882 & 88319-DecHB4066 & 4067I voted no on concurring with the Senate on House Bills 4066 and 4067, which I voted against previously, to create an interstate medical licensure compact. The Senate made the bills much better by making participation voluntary but this still requires the state to appropriate taxpayer money to continue its compact membership. Concurrence passed 102 – 7.
88419-DecHB4779I voted to concur with the Senate amendment to House bill 4779, which would provide for uniform electronic legal material. The Senate amendment was a trivial technical change and concurrence passed unanimously.
88519-DecHB5121I voted to concur with the Senate amendment to House Bill 5121, which I voted for previously, to create a “bill of rights” for foster children. The Senate eliminated the requirement that the policy ensure the “inventory and security of the child in foster care’s personal belongings.” Still a good bill, and I could imagine how that might be problematic. Concurrence passed 107 – 2.
886 – 89719-DecHB5955 – 5965I voted to concur with Senate amendments to House Bills 5955 through 5965, which I voted for previously, to limit the authority of local governments to create new occupational fees or licensing requirements or continue to regulate certain professions. It’s bad enough the state has so much of this, and it’s not the role of local government to lay on even more such mandates and costs. If licensing is truly necessary to protect the public safety it should be done at the state level. The Senate amended the definitions of licensing to include registration to ensure the term was not used to bypass the act. They also made the bills retroactive to the beginning of this year. Concurrence passed 59 – 50.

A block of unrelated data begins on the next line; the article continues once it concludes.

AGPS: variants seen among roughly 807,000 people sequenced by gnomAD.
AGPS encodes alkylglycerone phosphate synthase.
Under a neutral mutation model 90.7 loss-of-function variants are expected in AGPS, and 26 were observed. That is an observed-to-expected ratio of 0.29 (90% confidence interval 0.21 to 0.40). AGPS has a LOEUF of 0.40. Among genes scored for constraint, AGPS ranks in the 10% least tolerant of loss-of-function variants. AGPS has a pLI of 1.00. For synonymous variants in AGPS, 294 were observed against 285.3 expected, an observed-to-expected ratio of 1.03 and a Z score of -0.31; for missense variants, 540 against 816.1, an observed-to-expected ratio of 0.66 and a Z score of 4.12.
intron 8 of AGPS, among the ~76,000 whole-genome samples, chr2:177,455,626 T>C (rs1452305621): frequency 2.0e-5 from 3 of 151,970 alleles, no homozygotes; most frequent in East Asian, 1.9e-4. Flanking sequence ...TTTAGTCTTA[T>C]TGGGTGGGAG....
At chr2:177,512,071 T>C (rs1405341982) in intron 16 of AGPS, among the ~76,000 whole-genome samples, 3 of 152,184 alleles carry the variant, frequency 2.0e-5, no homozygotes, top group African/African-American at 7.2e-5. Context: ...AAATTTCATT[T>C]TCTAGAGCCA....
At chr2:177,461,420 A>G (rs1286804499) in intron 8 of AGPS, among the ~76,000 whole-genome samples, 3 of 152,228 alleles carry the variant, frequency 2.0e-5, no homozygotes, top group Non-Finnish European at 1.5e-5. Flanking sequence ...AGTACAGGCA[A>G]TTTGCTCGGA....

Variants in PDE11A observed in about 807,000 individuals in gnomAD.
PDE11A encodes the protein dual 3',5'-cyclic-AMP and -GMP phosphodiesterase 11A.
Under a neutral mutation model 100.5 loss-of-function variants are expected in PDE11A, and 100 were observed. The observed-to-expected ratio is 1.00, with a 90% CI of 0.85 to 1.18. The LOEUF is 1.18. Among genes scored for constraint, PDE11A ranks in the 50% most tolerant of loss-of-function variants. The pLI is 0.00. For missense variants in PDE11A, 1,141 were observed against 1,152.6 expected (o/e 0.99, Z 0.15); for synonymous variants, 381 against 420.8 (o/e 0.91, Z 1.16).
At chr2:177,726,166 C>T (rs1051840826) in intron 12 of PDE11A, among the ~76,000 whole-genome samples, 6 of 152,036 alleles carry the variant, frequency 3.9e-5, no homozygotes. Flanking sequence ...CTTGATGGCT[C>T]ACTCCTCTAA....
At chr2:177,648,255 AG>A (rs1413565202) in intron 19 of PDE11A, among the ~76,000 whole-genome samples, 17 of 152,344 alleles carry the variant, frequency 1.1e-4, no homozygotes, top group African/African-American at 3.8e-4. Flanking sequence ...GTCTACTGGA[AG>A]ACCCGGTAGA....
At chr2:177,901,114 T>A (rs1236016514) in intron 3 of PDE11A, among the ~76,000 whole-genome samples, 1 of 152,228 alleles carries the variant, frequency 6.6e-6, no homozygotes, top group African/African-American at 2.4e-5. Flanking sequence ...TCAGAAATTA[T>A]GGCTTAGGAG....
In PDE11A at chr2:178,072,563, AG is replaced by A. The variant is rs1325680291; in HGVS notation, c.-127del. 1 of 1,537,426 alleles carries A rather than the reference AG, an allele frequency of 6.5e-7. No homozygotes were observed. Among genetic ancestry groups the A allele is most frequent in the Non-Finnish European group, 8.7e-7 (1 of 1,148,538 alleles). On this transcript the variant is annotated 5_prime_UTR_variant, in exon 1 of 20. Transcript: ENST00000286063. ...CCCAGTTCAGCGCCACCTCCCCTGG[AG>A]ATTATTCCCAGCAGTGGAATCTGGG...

89819-DecHB6052I voted no on concurring with the Senate amendment to House Bill 6052, which I voted against previously, to require our corporate welfare agency produce a report on the efficacy of various corporate welfare programs. We don’t need another study to know these programs don’t work, and the report will not even do a cost-benefit analysis to compare the corporate welfare deals to letting taxpayers keep their money (I know because I requested that it do this and was rebuffed). This report will inevitably paint a rosy picture because it doesn’t really compare the programs to the alternative of not making these special interest deals. The Senate added that the report be shared with the Michigan Strategic Fund prior to its release. Concurrence passed 107 – 2.
89919-DecHB5018I voted no on concurring with the Senate on House Bill 5018, which I voted against previously, to create misdemeanor and felony offenses for “cyberbullying.” This is at best redundant with other crimes and at worst a threat to people right to free speech. The Senate amendment was purely technical and didn’t change the bill’s substance. Concurrence passed 92 – 17.
90019-DecHB6378I voted to concur with the Senate amendment to House Bill 6378, which would allow those wrongfully excluded from state employee pension benefits to apply for and receive their benefits. The Senate remove an appropriation that was in the House-passed version; it will probably end up in the supplemental budget coming up. Concurrence passed 63 – 46.